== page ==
New Jersey Law and Public Workers’ Social Media Use

New Jersey Public Law 2013, Chapter 155, addresses the interests of the public employer and the rights of the employee acting as a free citizen utilizing social media. The law prohibits the employer from seeking access to employees’ social media accounts, but it does not prevent them from viewing public posts or posts brought to their attention. Under the law, a public sector employer has the following rights when it comes to reviewing employee social media posts:

  • A requirement to comply with state and federal laws.
  • Enforcement of policies regarding the use of electronic communication during working hours on their devices or made for business purposes at any time.
  • Ability to investigate issues of compliance with applicable regulations and laws brought to their attention as a result of social media activity and any unauthorized transfer of confidential information to a personal account.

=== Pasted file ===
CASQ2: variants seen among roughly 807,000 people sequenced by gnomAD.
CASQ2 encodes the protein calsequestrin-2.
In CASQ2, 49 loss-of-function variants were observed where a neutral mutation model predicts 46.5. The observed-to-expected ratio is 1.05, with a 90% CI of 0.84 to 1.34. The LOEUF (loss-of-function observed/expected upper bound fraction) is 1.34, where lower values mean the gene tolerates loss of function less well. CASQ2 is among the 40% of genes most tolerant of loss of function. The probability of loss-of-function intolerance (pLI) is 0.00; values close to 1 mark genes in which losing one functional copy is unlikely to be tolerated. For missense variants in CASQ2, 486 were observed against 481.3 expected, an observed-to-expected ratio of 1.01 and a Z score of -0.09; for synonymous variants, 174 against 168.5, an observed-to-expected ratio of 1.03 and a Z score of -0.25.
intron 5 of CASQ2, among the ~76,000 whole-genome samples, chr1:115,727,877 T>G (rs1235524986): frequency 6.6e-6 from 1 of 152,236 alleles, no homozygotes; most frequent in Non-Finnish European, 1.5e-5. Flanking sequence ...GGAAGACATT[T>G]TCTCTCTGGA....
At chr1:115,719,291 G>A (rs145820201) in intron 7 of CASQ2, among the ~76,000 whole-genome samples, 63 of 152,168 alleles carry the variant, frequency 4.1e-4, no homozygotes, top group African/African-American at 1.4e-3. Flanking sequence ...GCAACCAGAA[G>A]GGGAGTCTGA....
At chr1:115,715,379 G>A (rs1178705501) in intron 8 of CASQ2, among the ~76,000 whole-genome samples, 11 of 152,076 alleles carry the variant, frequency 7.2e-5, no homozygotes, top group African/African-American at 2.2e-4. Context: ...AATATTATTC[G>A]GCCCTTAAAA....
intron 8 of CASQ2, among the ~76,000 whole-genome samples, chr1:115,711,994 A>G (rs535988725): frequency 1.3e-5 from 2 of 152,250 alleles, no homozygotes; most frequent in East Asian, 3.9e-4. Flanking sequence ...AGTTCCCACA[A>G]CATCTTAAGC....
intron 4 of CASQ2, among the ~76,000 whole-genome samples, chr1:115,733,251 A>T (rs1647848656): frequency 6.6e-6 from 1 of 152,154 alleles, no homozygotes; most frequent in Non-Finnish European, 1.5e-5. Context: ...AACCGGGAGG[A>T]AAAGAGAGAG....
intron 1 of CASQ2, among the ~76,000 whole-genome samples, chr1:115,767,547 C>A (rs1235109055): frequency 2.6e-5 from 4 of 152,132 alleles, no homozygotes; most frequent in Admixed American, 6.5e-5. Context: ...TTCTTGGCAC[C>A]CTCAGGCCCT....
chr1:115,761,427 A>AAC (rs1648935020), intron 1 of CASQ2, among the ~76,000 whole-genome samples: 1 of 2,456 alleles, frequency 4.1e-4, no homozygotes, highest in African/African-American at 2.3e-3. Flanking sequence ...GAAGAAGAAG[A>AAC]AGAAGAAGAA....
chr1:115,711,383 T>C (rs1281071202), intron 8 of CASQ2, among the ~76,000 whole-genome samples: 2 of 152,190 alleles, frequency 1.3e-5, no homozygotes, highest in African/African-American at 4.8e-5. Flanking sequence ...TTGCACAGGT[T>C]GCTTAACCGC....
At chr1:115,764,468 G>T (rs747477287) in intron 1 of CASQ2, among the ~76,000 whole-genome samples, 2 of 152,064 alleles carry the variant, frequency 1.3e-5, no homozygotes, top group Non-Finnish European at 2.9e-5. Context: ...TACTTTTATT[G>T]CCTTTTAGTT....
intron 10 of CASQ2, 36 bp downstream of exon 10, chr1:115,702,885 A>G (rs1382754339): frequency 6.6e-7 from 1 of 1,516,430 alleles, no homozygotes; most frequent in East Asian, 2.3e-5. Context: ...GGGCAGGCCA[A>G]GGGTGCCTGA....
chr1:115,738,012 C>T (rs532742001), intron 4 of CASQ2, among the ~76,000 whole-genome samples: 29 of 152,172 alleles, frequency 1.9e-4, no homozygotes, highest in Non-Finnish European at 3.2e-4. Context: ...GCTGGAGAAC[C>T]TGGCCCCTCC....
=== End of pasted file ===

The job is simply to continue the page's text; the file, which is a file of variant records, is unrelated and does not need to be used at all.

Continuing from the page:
• View, access, and use any information posted by a potential or current employee on public social media accounts.

Bad Social Media Use

Social media is important to both the employer and the employee. According to a 2018 CareerBuilder survey, about 43 percent of employers use social media to check on current employees. The following are social media behaviors that left employers with a bad impression:

  • Provocative or inappropriate information
  • Drinking or drug use
  • Discriminatory comments
  • Poor communication skills
  • Bad-mouthing previous employers
  • Sharing confidential information from previous employers
  • Lying about an absence
  • Posting too frequently

An employer can act on public posts that contradict the values of the public school, office, or department where the employee works; an employee does not have to give them access. If an employee retaliates and uses slander against the institution, they may be penalized under the law. An experienced employment lawyer can best explain your rights.

When it comes using social media, finding out where to draw the line at free speech is not always simple. At MacMain, Connell & Leinhauser, our skilled West Chester employment lawyers handle complex legal issues facing public sector employers. To learn more about our services, call 484-318-7106 or use the online form to contact us today. Located in West Chester, Pennsylvania, we represent clients throughout Philadelphia, Chester County, and New Jersey.

Law Enforcement Professionals Increase Use of Technology